Part I: Fundamentals What domain characteristics aggravate the problem? Class Imbalances or Small Disjuncts? Are all classifiers sensitive to class imbalances? Which proposed solutions to the class imbalance problem are more appropriate?
+ - + - + - + - 1 0 I. I What domain characteristics aggravate the Problem? To answer this question, I generated artificial domains that vary along three different axes: • The degree of concept complexity • The size of the training set • The degree of imbalance between the two classes.
I. I What domain characteristics aggravate the Problem? • I created 125 domains, each representing a different type of class imbalance, by varying the concept complexity (C), the size of the training set (S) and the degree of imbalance (I) at different rates (5 settings were used per domain characteristics). • I ran C5.0 [a decision tree learning algorithm] on these various imbalanced domains and plotted its error rate on each domain. • Each experiment was repeated 5 times and the results averaged.
Large Imbal. Full balance I. I What domain characteristics aggravate the Problem? Error rate S= 1
Large Imbal. Full balance I.I What domain characteristics aggravate the Problem? Error rate S= 5
I. I What domain characteristics aggravate the Problem? • The problem is aggravated by two factors: • An increase in the degree of class imbalance • An increase in problem complexity – class imbalances do not hinder the classification of simple problems (e.g., linearly separable ones) • However, the problem is simultaneously mitigated by one factor: • The size of the training set – large training sets yield low sensitivity to class imbalances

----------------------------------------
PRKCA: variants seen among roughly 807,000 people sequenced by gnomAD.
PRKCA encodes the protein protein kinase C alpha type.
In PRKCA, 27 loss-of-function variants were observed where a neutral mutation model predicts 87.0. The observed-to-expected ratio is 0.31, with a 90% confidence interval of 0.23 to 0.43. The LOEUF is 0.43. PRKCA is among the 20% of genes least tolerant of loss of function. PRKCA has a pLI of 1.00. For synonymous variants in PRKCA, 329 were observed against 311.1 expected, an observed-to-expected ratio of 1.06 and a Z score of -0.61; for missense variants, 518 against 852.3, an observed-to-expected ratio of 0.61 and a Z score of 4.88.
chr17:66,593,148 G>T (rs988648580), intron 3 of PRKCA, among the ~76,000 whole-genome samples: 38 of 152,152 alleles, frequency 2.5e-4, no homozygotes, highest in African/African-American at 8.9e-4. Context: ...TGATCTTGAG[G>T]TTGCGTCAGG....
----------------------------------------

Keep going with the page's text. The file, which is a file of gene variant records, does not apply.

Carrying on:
I.II: Clas Imbalances or Small Disjuncts? • Studying the training sets from the previous experiments, it can be inferred that when i and c are large, and s, small, the domain contains many very small subclusters. • These were also the conditions under which C5.0 performed the worst. • To test whether it is these small subclusters that cause performance degradation, we disregarded the value of s and set the size of all subclusters to 50 examples.
Large Imbal. Full balance I.II: Clas Imbalances or Small Disjuncts? High Concept Complexity: c=5 Error rate Previous Experiment This Experiment
I.II: Class Imbalances or Small Disjuncts? • When all the subclusters are of size 50, even at the highest degree of concept complexity, no matter what the class imbalance is, the error is below 1% It is negligible. • This suggests that it is not the class imbalance per se that causes a performance decrease, but rather, that it is the small disjunct problem created by the class imbalance (in highly complex and small-sized domains) that cause that loss of performance.
Neural Net (MLPs) Decision Tree (C5.0) A5 T F A2 A7 < 5 T > 5 5 F + A5 - -+ T F + - Support Vector Machines (SVMs) - + - + + - - - - + + I.III Are all classifiers sensitive to class imbalances?